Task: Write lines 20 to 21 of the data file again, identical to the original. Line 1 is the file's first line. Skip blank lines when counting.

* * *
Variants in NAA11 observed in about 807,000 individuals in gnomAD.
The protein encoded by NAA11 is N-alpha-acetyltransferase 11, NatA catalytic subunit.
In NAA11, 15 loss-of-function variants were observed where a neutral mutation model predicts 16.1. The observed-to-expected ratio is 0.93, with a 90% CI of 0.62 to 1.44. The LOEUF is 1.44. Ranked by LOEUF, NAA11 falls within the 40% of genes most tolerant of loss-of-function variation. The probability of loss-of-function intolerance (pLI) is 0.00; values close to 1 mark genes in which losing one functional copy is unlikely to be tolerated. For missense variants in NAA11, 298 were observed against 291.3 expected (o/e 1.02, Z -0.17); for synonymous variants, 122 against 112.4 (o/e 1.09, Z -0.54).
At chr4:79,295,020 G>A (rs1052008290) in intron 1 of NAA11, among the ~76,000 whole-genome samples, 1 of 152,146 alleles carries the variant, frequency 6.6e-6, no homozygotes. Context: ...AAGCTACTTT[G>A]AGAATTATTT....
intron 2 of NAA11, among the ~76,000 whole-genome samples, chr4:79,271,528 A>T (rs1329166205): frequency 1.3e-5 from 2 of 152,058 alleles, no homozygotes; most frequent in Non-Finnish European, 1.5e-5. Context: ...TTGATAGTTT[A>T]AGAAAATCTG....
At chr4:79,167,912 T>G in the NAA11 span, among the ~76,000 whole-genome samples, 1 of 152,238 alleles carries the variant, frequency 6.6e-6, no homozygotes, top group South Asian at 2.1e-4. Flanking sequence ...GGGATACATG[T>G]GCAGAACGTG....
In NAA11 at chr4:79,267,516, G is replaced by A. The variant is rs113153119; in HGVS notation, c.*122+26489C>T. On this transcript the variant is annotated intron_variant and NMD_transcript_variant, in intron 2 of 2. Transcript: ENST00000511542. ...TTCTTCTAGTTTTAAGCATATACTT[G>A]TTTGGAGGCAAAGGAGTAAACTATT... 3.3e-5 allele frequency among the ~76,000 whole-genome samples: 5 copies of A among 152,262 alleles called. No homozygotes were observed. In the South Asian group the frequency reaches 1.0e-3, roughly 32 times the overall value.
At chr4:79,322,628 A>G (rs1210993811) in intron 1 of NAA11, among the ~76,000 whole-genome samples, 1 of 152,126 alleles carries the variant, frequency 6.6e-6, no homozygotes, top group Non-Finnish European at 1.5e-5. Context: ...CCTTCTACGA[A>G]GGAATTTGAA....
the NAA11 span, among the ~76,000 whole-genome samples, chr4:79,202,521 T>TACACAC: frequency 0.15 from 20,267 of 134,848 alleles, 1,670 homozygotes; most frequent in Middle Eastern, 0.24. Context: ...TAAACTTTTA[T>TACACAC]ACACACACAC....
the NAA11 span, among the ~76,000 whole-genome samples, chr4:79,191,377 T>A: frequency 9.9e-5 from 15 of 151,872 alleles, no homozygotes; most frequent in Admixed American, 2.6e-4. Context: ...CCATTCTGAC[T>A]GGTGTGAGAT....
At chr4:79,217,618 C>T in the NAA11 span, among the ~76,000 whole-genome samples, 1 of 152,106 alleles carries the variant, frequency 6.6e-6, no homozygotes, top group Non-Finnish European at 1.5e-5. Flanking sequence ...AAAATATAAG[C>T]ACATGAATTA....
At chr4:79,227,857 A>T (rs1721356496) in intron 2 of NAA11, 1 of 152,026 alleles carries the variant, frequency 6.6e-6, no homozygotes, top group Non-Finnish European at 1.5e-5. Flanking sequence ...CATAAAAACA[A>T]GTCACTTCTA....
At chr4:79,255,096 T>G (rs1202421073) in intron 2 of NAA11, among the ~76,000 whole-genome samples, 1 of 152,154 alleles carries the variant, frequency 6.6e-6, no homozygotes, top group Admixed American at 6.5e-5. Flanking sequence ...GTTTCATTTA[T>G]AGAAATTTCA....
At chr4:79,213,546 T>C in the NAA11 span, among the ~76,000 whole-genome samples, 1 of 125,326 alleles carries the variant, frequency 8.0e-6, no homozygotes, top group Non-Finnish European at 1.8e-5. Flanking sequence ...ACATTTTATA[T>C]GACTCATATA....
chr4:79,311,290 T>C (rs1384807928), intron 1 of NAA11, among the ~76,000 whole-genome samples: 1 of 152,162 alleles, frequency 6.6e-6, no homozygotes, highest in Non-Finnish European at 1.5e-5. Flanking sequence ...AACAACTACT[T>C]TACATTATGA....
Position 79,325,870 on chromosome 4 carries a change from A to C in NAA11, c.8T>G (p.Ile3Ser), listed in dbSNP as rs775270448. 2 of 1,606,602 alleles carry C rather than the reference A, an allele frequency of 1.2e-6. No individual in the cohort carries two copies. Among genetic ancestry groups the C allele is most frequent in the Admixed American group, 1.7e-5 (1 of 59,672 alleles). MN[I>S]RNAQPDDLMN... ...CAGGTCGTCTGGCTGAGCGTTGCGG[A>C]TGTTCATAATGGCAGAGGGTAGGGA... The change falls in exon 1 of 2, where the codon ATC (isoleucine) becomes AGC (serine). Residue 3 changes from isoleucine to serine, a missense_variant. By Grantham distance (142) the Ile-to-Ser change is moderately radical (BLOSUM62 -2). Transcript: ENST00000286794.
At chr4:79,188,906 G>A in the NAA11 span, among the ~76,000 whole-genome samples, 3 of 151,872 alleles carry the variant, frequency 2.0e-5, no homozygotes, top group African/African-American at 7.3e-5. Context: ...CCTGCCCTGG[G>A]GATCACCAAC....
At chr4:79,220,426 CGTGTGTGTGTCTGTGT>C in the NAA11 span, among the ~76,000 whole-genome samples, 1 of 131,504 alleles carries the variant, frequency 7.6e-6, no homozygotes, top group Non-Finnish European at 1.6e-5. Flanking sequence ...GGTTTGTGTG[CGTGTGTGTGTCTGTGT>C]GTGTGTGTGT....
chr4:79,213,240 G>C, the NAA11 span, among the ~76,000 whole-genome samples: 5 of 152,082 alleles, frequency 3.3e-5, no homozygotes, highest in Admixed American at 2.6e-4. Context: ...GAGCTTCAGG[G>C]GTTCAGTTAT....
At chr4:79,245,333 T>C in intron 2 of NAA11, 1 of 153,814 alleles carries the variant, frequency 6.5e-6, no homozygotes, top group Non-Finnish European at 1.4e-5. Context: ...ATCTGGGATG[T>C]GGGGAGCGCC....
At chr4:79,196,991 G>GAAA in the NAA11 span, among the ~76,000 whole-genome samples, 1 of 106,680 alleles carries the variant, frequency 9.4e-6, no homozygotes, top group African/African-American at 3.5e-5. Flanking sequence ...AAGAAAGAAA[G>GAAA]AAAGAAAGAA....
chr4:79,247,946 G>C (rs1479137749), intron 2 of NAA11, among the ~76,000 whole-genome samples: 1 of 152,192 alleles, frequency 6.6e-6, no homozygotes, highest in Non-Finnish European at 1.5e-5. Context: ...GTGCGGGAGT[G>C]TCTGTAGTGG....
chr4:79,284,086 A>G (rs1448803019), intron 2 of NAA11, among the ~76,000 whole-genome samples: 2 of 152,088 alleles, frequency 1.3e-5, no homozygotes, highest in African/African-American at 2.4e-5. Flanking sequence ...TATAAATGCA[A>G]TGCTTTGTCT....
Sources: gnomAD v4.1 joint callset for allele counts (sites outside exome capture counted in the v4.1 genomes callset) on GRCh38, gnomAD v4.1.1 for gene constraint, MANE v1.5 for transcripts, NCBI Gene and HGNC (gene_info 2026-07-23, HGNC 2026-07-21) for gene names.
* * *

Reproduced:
At chr4:79,245,333 T>C in intron 2 of NAA11, 1 of 153,814 alleles carries the variant, frequency 6.5e-6, no homozygotes, top group Non-Finnish European at 1.4e-5. Context: ...ATCTGGGATG[T>C]GGGGAGCGCC....
At chr4:79,196,991 G>GAAA in the NAA11 span, among the ~76,000 whole-genome samples, 1 of 106,680 alleles carries the variant, frequency 9.4e-6, no homozygotes, top group African/African-American at 3.5e-5. Flanking sequence ...AAGAAAGAAA[G>GAAA]AAAGAAAGAA....